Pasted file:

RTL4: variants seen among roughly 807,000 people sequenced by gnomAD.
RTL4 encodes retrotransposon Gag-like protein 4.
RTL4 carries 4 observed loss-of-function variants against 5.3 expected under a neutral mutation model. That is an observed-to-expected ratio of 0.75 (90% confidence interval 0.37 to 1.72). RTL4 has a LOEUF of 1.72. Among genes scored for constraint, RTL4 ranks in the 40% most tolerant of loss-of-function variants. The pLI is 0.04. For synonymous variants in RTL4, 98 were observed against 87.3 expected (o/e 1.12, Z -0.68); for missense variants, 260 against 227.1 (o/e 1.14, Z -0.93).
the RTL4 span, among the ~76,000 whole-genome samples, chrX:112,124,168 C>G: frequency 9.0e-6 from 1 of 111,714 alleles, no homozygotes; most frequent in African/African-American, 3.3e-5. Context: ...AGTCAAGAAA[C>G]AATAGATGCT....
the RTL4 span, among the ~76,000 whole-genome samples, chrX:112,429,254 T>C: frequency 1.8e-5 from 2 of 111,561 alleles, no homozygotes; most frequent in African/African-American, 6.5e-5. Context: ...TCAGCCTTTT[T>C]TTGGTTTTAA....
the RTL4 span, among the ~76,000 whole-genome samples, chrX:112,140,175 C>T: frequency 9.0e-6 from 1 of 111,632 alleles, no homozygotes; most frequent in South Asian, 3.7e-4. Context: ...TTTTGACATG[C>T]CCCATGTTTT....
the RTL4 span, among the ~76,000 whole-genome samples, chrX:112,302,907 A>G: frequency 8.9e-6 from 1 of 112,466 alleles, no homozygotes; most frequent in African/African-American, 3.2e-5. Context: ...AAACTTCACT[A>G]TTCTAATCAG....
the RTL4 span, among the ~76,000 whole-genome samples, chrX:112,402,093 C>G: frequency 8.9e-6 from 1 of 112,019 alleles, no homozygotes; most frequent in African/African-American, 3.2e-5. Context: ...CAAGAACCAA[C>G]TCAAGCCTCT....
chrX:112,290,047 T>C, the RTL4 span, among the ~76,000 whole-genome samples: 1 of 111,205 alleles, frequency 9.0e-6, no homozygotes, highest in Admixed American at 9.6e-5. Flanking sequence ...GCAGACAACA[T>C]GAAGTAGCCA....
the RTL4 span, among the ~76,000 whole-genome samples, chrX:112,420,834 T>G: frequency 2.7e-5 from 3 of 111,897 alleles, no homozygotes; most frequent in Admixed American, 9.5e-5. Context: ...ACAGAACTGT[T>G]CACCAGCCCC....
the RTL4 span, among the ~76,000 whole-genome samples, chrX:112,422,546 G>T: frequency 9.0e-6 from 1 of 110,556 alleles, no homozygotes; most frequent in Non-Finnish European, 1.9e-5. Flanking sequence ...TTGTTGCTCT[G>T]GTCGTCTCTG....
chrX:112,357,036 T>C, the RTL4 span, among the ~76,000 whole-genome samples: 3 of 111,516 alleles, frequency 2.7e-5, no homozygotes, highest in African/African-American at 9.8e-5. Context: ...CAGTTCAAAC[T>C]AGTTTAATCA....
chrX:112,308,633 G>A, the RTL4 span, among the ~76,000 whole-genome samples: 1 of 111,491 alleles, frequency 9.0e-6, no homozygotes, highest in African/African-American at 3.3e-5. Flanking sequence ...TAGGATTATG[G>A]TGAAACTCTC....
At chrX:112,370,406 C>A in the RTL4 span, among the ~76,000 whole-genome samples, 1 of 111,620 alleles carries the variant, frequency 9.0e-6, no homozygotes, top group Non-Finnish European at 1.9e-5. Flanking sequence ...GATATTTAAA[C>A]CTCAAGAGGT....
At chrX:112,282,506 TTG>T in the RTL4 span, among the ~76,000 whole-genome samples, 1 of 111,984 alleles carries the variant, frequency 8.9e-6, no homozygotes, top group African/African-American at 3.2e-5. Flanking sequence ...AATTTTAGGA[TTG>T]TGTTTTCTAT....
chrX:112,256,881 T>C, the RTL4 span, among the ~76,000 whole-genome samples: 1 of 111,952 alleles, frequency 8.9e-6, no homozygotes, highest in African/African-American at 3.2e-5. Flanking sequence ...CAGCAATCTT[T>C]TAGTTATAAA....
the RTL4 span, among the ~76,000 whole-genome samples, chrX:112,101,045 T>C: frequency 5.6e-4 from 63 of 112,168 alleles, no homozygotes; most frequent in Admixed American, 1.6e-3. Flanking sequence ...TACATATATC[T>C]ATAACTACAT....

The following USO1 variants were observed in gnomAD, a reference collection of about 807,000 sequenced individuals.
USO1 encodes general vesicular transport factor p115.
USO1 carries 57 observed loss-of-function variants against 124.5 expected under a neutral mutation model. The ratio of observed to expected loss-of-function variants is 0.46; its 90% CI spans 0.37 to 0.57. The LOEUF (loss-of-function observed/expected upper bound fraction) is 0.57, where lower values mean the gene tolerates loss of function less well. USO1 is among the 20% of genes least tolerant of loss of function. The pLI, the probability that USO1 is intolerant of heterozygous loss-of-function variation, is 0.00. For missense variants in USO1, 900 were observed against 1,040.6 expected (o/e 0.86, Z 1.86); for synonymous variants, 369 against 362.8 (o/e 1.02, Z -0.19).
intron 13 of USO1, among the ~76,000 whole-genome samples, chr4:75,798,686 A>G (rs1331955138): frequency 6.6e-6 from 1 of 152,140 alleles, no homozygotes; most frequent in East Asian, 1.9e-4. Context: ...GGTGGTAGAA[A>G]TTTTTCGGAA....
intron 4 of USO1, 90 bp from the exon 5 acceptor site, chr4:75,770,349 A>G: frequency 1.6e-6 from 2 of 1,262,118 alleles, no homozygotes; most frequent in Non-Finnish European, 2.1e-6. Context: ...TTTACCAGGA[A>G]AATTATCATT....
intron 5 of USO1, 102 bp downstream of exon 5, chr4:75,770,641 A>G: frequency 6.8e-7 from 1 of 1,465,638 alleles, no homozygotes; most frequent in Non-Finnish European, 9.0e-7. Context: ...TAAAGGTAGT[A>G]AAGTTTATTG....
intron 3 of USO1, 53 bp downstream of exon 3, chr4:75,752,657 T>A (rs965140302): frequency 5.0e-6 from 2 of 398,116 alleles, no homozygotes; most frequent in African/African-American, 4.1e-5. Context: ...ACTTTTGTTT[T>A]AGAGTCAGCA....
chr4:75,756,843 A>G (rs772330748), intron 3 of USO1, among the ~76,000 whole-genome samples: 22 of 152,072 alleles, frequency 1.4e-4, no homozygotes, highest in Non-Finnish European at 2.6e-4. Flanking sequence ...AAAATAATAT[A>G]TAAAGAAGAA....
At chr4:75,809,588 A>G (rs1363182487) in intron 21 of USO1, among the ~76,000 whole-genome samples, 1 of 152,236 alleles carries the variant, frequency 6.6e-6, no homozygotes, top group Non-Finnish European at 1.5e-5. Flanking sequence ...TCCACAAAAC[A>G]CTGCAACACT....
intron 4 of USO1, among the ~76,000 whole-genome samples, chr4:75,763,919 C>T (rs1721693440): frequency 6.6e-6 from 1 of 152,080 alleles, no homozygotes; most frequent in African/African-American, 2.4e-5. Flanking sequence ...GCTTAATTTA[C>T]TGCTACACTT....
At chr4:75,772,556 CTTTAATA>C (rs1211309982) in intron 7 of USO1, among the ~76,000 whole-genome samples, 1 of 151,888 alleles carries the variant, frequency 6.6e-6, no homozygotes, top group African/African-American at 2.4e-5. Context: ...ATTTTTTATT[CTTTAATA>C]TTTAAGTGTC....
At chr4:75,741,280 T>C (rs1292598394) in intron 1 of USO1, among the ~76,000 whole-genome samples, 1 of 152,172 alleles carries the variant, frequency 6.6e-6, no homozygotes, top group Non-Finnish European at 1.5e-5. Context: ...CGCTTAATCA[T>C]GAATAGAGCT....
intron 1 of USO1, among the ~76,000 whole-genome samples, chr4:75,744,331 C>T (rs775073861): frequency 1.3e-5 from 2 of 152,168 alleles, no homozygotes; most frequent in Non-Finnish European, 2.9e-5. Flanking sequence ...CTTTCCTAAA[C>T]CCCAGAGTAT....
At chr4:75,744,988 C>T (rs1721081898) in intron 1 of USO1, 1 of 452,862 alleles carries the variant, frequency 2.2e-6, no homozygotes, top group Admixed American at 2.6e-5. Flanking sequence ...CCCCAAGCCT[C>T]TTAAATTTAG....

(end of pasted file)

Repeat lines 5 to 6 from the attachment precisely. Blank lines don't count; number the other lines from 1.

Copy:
the RTL4 span, among the ~76,000 whole-genome samples, chrX:112,429,254 T>C: frequency 1.8e-5 from 2 of 111,561 alleles, no homozygotes; most frequent in African/African-American, 6.5e-5. Context: ...TCAGCCTTTT[T>C]TTGGTTTTAA....
the RTL4 span, among the ~76,000 whole-genome samples, chrX:112,140,175 C>T: frequency 9.0e-6 from 1 of 111,632 alleles, no homozygotes; most frequent in South Asian, 3.7e-4. Context: ...TTTTGACATG[C>T]CCCATGTTTT....